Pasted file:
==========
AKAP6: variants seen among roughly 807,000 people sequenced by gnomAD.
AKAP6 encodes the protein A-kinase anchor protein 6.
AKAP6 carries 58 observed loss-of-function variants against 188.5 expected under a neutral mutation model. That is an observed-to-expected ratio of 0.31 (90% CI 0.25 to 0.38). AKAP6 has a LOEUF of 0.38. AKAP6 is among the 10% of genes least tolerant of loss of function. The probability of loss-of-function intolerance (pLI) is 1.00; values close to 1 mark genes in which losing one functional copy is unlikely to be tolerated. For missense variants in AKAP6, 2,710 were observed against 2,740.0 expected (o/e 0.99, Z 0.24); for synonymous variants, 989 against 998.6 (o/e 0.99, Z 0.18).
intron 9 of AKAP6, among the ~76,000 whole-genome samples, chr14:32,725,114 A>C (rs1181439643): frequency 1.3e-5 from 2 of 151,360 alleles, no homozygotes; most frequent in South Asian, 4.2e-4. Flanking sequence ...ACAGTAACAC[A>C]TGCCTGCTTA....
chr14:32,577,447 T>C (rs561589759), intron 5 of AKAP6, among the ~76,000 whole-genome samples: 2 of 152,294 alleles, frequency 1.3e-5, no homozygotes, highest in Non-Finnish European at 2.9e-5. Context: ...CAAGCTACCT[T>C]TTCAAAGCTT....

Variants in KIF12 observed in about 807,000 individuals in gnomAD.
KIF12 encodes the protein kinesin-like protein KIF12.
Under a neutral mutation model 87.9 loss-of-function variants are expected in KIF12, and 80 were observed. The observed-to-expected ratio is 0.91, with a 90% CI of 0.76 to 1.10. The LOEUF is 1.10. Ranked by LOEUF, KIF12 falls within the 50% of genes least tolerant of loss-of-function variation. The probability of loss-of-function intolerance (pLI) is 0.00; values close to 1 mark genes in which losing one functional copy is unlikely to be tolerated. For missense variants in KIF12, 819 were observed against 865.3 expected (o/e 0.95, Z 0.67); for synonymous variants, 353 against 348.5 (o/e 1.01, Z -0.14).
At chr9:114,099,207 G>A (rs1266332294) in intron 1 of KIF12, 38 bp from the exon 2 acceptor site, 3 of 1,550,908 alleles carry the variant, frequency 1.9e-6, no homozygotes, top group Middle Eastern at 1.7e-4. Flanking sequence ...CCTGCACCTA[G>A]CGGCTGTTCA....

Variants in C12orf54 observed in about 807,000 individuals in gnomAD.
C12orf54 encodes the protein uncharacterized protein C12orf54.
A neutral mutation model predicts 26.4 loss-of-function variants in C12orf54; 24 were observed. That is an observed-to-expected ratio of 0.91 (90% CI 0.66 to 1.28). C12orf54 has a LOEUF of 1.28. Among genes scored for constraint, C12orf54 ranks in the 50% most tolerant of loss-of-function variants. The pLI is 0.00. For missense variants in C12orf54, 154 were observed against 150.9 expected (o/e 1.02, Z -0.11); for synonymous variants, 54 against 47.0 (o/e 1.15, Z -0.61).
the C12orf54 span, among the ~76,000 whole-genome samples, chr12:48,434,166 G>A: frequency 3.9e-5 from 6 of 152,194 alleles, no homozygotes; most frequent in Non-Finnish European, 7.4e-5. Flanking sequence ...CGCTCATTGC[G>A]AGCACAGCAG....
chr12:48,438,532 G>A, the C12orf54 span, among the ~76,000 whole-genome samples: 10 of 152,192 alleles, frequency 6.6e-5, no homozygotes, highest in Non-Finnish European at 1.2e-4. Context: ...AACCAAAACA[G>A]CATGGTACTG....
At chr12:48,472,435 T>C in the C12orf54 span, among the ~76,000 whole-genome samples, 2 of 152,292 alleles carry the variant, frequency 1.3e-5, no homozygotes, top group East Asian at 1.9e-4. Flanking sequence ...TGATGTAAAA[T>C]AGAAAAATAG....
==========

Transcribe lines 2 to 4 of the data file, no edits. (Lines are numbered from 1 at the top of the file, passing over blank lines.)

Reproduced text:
AKAP6 encodes the protein A-kinase anchor protein 6.
AKAP6 carries 58 observed loss-of-function variants against 188.5 expected under a neutral mutation model. That is an observed-to-expected ratio of 0.31 (90% CI 0.25 to 0.38). AKAP6 has a LOEUF of 0.38. AKAP6 is among the 10% of genes least tolerant of loss of function. The probability of loss-of-function intolerance (pLI) is 1.00; values close to 1 mark genes in which losing one functional copy is unlikely to be tolerated. For missense variants in AKAP6, 2,710 were observed against 2,740.0 expected (o/e 0.99, Z 0.24); for synonymous variants, 989 against 998.6 (o/e 0.99, Z 0.18).
intron 9 of AKAP6, among the ~76,000 whole-genome samples, chr14:32,725,114 A>C (rs1181439643): frequency 1.3e-5 from 2 of 151,360 alleles, no homozygotes; most frequent in South Asian, 4.2e-4. Flanking sequence ...ACAGTAACAC[A>C]TGCCTGCTTA....